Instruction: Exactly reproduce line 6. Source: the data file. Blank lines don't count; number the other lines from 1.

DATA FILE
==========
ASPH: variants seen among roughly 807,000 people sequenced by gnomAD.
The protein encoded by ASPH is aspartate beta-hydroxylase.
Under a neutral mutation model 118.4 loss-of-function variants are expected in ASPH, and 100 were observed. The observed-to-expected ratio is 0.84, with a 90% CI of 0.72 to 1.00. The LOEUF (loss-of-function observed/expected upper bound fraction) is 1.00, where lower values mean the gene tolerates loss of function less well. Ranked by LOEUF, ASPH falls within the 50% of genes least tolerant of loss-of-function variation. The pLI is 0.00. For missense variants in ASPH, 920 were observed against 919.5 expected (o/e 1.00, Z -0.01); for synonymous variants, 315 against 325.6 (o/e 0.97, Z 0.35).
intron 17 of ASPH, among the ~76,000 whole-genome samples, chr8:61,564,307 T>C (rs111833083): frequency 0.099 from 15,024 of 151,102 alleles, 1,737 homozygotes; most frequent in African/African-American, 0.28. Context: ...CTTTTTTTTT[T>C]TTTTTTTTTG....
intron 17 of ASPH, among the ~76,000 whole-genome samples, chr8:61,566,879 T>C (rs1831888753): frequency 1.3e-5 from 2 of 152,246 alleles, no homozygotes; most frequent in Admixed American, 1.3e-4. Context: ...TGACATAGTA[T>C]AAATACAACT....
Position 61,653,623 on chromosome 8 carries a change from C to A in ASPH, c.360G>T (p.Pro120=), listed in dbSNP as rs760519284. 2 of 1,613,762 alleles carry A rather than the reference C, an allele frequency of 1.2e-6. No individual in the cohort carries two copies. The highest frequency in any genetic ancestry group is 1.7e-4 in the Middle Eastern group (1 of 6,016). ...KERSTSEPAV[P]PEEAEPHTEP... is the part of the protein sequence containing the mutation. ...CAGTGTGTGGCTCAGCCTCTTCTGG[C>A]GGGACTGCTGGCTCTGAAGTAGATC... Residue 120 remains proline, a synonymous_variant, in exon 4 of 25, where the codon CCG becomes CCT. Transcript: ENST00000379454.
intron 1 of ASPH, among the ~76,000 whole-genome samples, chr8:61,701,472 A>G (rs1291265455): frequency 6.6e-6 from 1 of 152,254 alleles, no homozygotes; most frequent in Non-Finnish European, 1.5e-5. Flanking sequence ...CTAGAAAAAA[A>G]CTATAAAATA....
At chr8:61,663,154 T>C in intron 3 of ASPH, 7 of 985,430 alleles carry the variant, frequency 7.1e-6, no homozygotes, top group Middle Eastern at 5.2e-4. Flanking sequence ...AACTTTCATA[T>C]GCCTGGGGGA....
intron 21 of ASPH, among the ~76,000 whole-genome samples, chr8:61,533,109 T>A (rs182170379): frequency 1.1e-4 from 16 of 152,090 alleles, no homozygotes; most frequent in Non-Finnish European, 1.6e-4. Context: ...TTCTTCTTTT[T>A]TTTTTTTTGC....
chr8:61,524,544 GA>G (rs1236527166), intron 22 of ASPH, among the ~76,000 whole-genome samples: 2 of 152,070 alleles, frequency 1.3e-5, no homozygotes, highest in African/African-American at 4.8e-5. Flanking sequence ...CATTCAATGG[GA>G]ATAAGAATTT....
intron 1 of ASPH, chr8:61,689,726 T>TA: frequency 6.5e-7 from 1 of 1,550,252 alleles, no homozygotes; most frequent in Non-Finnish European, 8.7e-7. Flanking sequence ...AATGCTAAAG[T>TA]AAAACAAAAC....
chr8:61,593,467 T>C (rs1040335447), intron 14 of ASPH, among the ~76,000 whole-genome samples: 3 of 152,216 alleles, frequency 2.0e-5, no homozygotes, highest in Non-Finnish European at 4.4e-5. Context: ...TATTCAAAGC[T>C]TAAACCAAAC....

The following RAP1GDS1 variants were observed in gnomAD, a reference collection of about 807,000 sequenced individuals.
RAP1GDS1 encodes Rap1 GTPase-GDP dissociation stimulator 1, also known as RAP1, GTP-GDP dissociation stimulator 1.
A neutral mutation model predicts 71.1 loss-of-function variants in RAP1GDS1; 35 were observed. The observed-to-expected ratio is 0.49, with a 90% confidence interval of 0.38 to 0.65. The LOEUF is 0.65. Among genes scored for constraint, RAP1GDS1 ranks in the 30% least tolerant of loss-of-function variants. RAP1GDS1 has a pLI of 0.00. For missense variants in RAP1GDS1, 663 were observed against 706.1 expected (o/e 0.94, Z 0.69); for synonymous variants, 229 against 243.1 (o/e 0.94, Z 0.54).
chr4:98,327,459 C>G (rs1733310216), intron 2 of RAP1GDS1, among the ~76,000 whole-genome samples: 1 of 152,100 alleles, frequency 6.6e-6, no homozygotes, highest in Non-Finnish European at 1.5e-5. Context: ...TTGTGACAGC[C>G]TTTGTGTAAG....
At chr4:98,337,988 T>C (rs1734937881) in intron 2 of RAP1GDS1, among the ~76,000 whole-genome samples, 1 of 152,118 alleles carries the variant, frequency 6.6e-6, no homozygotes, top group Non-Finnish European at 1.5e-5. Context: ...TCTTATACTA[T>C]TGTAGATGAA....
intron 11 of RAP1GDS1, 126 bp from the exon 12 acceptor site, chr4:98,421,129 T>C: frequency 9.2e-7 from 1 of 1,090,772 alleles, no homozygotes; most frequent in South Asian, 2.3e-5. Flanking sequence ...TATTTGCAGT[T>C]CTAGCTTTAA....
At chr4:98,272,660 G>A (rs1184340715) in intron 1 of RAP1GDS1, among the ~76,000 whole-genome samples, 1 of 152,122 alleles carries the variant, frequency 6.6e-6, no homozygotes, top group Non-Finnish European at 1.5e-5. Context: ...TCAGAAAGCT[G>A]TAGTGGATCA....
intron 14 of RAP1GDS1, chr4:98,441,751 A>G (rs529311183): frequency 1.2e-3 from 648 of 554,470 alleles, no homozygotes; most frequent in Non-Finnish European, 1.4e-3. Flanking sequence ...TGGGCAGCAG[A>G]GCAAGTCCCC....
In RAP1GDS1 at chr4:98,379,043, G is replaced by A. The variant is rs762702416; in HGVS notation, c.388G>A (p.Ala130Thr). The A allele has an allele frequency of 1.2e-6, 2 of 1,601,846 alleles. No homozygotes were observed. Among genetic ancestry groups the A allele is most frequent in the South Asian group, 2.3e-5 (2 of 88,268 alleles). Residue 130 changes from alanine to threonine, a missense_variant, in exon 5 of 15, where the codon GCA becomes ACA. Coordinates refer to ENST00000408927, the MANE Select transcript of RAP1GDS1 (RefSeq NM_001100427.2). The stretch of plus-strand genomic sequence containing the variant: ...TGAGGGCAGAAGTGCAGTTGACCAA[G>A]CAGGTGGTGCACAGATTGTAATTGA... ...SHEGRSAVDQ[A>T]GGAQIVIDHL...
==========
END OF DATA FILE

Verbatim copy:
Position 61,653,623 on chromosome 8 carries a change from C to A in ASPH, c.360G>T (p.Pro120=), listed in dbSNP as rs760519284. 2 of 1,613,762 alleles carry A rather than the reference C, an allele frequency of 1.2e-6. No individual in the cohort carries two copies. The highest frequency in any genetic ancestry group is 1.7e-4 in the Middle Eastern group (1 of 6,016). ...KERSTSEPAV[P]PEEAEPHTEP... is the part of the protein sequence containing the mutation. ...CAGTGTGTGGCTCAGCCTCTTCTGG[C>A]GGGACTGCTGGCTCTGAAGTAGATC... Residue 120 remains proline, a synonymous_variant, in exon 4 of 25, where the codon CCG becomes CCT. Transcript: ENST00000379454.